The 2016 model year may well be known as the time mainstream luxury brands went electric. Although gas prices are expected to remain low in 2016 and market share for all electric vehicles accounts for less than 1% of US auto sales, European luxury brands are clamoring to introduce their own plug-in hybrid vehicles.
BMW is adding a plug-in hybrid version of both the 3 series and the X5 and plans to do the same for the rest of its line. Mercedes-Benz will release ten new plug-in hybrids between now and 2017 including the 2016 C350e and S550e, and Audi’s first plug-in hybrid, the A3 Sportback e-tron, is expected this fall with more to come next year.
In this article, we’ll examine why so many luxury car makers are adding plug-in hybrid vehicles and look at what we can expect to see in the next few years.
The Tesla Effect
One common explanation is that the European giants are “taking on Tesla.” Numerous articles can be found which claim one brand or another is trying to create a model that will compete effectively with Tesla. While Tesla has undoubtedly proven that there is a market for luxury-class electric vehicles, the brand reported 2015 third quarter sales of 11,580 or roughly a third of what BMW sold in just the month of August. The Tesla effect could certainly explain luxury automakers introducing one or two plug-in models, it doesn’t explain the large number of entries currently planned.
California Zero Emission Vehicle laws
A more plausible explanation is the legislation passed in California (and other states and countries) to encourage the sale of zero-emissions vehicles. While the federal government has regulated that that the average fuel economy of all vehicles sold must be 54.5 mpg by 2025, California has taken this one step further. California’s Zero Emission Vehicle (ZEV) mandate requires that between 2017 and 2025 automakers must ramp up their production of ZEVs, like plug-in hybrids and fuel-cell vehicles, to account for 15.4 % of vehicles sold. California estimates that by 2025 when these rules are fully implemented, new vehicles will emit 34% fewer global warming gases and 75% fewer smog-forming emissions.
This legislation has been adopted by nine other states and the District of Columbia which add up to account for nearly one-third of US auto sales. As the chart above illustrates, the percentage of ZEV cars that must be sold by each manufacturer rises annually until it hits the 15.4% target.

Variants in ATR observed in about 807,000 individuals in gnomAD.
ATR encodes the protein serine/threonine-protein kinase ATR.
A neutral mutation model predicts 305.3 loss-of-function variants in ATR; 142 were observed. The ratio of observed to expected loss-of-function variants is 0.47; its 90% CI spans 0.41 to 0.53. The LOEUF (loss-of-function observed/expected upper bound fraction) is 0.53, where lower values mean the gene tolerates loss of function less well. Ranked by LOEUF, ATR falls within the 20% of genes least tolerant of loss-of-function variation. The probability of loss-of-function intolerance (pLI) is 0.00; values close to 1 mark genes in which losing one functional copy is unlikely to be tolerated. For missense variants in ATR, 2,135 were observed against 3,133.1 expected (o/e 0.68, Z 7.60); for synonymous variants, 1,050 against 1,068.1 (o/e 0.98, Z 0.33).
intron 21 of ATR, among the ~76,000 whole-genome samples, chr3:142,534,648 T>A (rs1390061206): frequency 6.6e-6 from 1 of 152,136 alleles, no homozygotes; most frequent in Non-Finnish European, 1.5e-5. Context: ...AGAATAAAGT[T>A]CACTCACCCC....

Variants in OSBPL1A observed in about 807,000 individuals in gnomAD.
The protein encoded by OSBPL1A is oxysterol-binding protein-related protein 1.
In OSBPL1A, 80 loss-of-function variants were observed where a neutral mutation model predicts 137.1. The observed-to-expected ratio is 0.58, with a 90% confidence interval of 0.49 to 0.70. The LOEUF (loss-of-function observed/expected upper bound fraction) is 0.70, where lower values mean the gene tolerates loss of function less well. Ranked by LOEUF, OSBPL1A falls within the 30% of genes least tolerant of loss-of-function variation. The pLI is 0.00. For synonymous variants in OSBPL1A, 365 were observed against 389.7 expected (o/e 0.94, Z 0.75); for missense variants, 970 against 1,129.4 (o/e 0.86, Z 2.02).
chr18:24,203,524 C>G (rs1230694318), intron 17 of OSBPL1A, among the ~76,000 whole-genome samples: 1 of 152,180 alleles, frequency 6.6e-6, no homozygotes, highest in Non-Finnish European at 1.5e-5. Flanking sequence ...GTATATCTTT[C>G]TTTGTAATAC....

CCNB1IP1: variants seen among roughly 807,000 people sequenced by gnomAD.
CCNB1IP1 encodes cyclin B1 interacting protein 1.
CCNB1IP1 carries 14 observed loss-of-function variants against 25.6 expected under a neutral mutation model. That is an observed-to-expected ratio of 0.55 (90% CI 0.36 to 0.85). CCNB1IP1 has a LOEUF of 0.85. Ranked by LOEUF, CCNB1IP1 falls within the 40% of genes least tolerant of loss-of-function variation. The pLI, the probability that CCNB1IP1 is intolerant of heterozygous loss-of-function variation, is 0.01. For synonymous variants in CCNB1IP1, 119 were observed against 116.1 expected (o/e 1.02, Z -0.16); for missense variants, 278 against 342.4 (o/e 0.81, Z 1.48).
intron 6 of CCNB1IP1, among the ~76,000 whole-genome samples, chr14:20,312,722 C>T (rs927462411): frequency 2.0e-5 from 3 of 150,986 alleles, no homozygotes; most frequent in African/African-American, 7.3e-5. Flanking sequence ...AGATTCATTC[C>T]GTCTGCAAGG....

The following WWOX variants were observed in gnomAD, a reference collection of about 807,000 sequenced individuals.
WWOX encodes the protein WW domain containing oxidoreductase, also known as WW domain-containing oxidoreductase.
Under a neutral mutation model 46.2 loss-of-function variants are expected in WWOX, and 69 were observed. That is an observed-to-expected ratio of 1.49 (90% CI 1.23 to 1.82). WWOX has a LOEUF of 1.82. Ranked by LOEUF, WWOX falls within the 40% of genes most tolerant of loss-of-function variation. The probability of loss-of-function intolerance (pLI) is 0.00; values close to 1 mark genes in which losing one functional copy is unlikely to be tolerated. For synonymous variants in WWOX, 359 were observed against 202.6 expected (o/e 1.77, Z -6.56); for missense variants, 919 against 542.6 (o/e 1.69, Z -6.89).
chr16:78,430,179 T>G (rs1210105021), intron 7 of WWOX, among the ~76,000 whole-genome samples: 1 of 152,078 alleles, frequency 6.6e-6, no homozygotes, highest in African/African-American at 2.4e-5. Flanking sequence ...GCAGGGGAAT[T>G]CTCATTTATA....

This puts tremendous pressure on auto makers to produce commercially viable plug-in hybrids and electric vehicles over the next several years. Here’s what you can expect to see from each of the major European luxury car makers.
Audi (2016 Audi A3 Sportback E-tron shown)
What to expect: Audi’s first plug-in hybrid is already on the roads in Europe and it will be available in the US only as a five-door hatchback for the 2016 model year. The brand offers its own charging system, the Audi Energy Program, which comes with the vehicle and includes a home charger, carbon offset program and available solar power installation. The brand plans several new plug-in hybrids in the next few years including e-tron versions of the A6, Q7 and R8. Audi has partnered with Samsung and LG to design an all-electric version of the allroad that will go 300 miles on a charge.
BMW (2016 BMW X5 xDrive40e shown)
What to expect: BMW entered the EV market with the 2014 i3 and i8. The brand is now beginning its planned release of plug-in hybrid versions of its core vehicles—the 2016 model year will introduce an eDrive version of the 3 series, 7 series and the X5. The brand is already making strides towards the 2025 goal of 15.4%, September 2015 sales of the i3 and i8 made up close to 10% of BMW’s total car sales volume (excluding SUVs).
Mercedes-Benz (2016 Mercedes-Benz C350 Plug-In Hybrid shown)
What to expect: Mercedes-Benz released the electric drive B-Class in 2014, and is adding a plug-in hybrid to the C-Class, S-Class, and GLE-Class for the 2016 model year. A total of ten plug-in hybrid vehicles are in the works and a fully electric crossover with a range between 250 to 300 miles has been strongly hinted.
What to expect: Porsche currently offers a plug-in hybrid version of both the Cayenne and Panamera (as well as the very limited release of the 918 Spyder supercar). The brand intends to extend the E-Hybrid line to all of its models; the Macan and 911 E-Hybrids likely to arrive next. The company just won the prestigious Le Mans 24 hour endurance race using hybrid power and we’re excited to see how that will translate into their iconic sports car line.
Volvo (2016 Volvo XC90 T8 Plug-In Hybrid shown)
What to expect: Volvo’s first plug-in vehicle, the XC90 T8 Plug-In Hybrid, is expected to arrive in the US in the first half of 2016. The brand has plans to release similar versions of other models in its line. Volvo has a scalable platform in place to grow both their plug-in hybrid production and that of fully electric vehicles as demand for both increases.